With the proper support and dedication to the process, you can get through the withdrawal stage and achieve a clean and sober life. While some may wish to accomplish this at home, many seek recovery assistance from a treatment facility to better avoid relapse and receive any necessary medical care.

Often when you are seeking help for addiction, you’ll meet with a doctor or other addiction treatment professional who will help you develop a treatment plan that fits your specific needs. You may be asked about:8

  • Which inhalants you used.
  • How often and how much you used.
  • Any other substance abuse.
  • Whether you know of any other mental health or medical issues.
  • Any prior withdrawal experience or substance abuse treatment attempts.
  • The level of support you have from friends and family.
  • Stressors (e.g., strained relationships, substance-using family or friends, etc.)

For many individuals, their specific treatment plan will begin with a period of detox, which may or may not be available as part of a longer addiction rehab program. Detoxification, a set of professional interventions and strategies meant to ease your symptoms and improve your comfort during withdrawal, is a fantastic first step toward recovery.7 Different detox programs provide varying levels of treatment intensity and medical involvement.

In general, medical detox programs provide the most intensive forms of detox intervention, as they involve medical supervision and treatment from doctors and nurses.8 Though there are no medications specifically designed to manage inhalant dependence or withdrawal, certain medications may be given to help alleviate some of the withdrawal symptoms like insomnia.8

Depending on the severity of your inhalant dependence, your doctor or addiction treatment team may recommend a different type of detoxification protocol known as social detox. 8 In social detox, a treatment team works to decrease discomfort and relapse risk by providing support in a calm, relaxing environment where no inhalants are available.

Both medical and social styles of detox are available in inpatient and outpatient settings. Inpatient options require the individual to live at the center during their treatment. Inpatient treatments offer 24-hour support and care. These options may take place in hospitals, rehab centers, or freestanding detox centers in the community.8

Outpatient detox treatments are available at doctors’ offices, mental health facilities, and addiction treatment centers.8 The outpatient option may be appropriate for people who have a strong support network in place that can help them through the recovery process.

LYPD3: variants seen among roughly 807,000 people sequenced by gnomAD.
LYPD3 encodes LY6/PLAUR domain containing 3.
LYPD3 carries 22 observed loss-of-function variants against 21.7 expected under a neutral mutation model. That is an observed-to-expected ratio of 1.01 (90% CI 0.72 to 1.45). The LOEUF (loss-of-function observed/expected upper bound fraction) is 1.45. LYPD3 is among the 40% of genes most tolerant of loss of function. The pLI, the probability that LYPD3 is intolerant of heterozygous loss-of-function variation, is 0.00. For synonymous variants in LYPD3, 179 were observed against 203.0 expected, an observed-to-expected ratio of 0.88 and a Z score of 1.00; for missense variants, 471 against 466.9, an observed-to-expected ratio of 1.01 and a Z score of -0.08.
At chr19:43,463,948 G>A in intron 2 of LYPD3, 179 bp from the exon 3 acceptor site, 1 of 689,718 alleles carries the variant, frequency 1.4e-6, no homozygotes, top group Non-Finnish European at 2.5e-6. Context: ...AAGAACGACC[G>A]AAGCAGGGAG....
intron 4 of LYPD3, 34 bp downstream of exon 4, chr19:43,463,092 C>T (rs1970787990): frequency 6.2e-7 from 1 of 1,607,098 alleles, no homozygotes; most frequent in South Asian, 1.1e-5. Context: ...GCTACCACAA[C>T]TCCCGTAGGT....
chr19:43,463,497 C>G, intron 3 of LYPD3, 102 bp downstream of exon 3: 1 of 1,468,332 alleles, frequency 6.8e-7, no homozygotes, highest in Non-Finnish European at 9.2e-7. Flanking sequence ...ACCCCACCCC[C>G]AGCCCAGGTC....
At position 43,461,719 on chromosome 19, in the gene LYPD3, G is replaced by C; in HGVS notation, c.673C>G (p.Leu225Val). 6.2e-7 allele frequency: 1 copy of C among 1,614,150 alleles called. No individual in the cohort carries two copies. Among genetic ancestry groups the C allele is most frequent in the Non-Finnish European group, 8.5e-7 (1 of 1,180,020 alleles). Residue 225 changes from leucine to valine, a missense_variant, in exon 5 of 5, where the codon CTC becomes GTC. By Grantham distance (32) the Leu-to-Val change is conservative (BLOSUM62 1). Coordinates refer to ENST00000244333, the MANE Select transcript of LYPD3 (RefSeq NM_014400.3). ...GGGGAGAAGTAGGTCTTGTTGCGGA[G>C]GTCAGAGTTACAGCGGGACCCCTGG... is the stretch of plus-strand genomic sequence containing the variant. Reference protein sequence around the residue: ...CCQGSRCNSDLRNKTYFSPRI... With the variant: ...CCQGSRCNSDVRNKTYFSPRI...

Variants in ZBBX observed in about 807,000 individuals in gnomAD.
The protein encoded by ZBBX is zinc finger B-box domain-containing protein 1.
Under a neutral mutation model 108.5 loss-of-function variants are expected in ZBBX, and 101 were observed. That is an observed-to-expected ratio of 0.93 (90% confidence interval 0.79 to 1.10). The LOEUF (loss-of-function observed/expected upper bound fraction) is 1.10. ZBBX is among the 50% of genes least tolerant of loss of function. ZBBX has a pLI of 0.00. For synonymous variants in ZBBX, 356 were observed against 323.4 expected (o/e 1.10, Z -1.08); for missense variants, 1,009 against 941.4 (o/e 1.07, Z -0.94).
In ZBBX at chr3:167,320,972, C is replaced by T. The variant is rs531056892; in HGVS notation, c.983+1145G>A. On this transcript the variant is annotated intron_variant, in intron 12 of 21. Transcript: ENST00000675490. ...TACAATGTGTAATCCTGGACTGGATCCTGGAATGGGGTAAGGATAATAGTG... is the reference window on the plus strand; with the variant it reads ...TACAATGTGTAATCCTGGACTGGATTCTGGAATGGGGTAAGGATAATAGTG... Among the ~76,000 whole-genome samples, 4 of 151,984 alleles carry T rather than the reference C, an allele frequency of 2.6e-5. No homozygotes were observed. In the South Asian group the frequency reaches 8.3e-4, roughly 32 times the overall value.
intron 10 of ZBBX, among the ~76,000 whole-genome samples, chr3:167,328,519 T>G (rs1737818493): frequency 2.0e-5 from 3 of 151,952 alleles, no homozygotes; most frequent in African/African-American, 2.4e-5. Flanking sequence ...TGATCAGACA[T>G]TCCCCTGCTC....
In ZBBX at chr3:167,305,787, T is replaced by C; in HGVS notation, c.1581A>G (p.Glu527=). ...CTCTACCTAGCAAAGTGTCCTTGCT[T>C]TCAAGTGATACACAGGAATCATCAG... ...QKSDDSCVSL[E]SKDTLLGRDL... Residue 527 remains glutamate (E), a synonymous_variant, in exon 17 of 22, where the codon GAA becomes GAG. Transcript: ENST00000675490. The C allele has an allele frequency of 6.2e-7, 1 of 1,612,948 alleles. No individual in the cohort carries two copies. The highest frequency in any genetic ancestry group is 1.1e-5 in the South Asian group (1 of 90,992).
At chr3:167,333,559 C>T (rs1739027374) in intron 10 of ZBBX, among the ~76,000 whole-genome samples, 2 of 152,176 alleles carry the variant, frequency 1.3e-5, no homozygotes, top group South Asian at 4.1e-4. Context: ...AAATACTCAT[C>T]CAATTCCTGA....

Detox should be followed up by a longer course of addiction treatment, as addressing chemical dependence is only the first step in overcoming addiction. Without therapy and other interventions, the unchecked compulsion to use is may be more likely to lead to relapse.

After Detox: Addiction Rehab and Recovery

Detox is incredibly valuable, but it is only a small part of someone’s overall treatment and recovery. 7 What detox does is ready the mind and body for recovery. You must be free of the influences of the substances in order to benefit from the therapeutic interventions you’ll need to overcome your compulsions to seek out and use inhalants.

The many treatment options for post-detox care allow you to find a service level that fits your needs. If you don’t know where to begin, consult with your detox center. After all, an important aspect of effective detox is linking patients to continuing care.8

Addiction treatment following detox fit into 2 general categories:

  • Inpatient/residential rehabilitation—Provides a higher, more intense level of care for people who are not yet ready to return to their normal home life. Just like with detox, inpatient rehabs provide 24-hour staff and require you to live at the facility.7 Residential rehabs can last for many months to establish stability and cement new skills and ways of thinking.
  • Outpatient treatment—A more flexible and somewhat less intensive form of treatment, this type of care allows for you to attend treatment for a set period of time each day or week before returning home each night.7